Bodog Poker’s new software creates a new realm of online poker with a whole host of new features, including their revolutionary anonymous online poker tables now featured site-wide. Bodog’s own Jonas Odman emphasizes these measures as necessary to create fair and fun environment for players of all levels. “We’ve shown before that we are not afraid of controversy by changing the way rakeback was viewed and starting to black data mining sites,” says Odman. “These new features now give players a less biased ‘pure poker” experience.”
We know what you are thinking–where’s the glory if no one knows who you are? As most players know, however, having a name in the game means that resourceful poker pros can use poker software (like PokerTableRatings.com and SharkScope) to dig up all kinds of information on how you typically play your hands, giving these pros an encyclopedic knowledge of the statistics behind your every move. Bodog’s anonymous tables make accessing hand histories impossible to collect, thereby leveling the playing field. This no-name-no-gain poker model may just change how the game of poker is played.
And while the anonymous tables and data protection systems may be getting the lion’s share of the attention, there are several other features of Bodog’s new online poker software that will continue to raise the bar for poker player experience. Things like:
- The Rabbit Cam. Now you’ll never have to wonder what your hand would have looked like if all the cards would have been dealt. Be warned, sometimes this information is best left to mystery.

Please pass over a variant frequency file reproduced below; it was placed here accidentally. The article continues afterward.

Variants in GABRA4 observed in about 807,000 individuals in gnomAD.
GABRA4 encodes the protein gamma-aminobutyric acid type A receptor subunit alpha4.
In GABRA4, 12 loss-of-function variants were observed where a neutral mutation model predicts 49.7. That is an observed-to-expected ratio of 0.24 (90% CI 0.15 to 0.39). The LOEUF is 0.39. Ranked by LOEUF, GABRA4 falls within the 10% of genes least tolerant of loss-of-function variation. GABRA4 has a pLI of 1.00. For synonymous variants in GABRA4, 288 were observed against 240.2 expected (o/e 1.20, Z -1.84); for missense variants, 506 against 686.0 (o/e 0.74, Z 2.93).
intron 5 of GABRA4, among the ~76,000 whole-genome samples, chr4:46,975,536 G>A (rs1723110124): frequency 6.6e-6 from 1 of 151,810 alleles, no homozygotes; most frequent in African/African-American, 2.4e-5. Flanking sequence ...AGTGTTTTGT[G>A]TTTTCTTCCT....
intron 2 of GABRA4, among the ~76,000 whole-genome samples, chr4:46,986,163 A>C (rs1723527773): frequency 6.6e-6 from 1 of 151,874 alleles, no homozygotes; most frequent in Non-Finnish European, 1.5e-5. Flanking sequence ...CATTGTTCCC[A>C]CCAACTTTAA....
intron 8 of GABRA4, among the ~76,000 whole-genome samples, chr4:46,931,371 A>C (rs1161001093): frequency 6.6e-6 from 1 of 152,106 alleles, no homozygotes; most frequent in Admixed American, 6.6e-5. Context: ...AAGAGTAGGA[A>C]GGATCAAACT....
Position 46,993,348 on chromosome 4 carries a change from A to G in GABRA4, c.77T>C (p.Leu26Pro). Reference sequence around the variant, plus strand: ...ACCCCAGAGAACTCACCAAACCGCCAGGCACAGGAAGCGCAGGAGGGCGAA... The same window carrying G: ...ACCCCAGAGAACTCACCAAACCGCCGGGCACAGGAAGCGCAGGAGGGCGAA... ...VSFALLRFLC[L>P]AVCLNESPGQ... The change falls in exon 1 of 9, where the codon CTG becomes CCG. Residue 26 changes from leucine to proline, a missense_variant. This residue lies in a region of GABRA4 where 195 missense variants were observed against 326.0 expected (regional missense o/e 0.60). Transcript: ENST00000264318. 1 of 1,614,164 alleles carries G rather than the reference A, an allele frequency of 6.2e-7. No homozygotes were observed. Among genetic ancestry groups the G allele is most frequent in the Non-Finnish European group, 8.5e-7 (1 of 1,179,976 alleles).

- A more competitive rake
- Improved table and tournament accessibility (as well as new tournament formats), as will as upgraded site speed.
- A new in-client blackjack game.
- Online poker players can now play up to 20 tables at a time.
With this new software upgrade, the online game will play more like a live and physical game where you hardly know your opponents; you’ll play the game (or 20) with your inherent skill set and make plays strictly with the information provided to you during the course of the game.
No telling what implications this may have on legalizing online poker in the United States, but it certainly couldn’t hurt to empower other poker sites to amp up their level of player protection and commitment to site-wide fair play.
A question I would ask our readers is whether or not any of you have ever used poker data mining sites to give you an edge in an online poker game or tournament. What do you feel are the odds anonymous poker tables will catch on?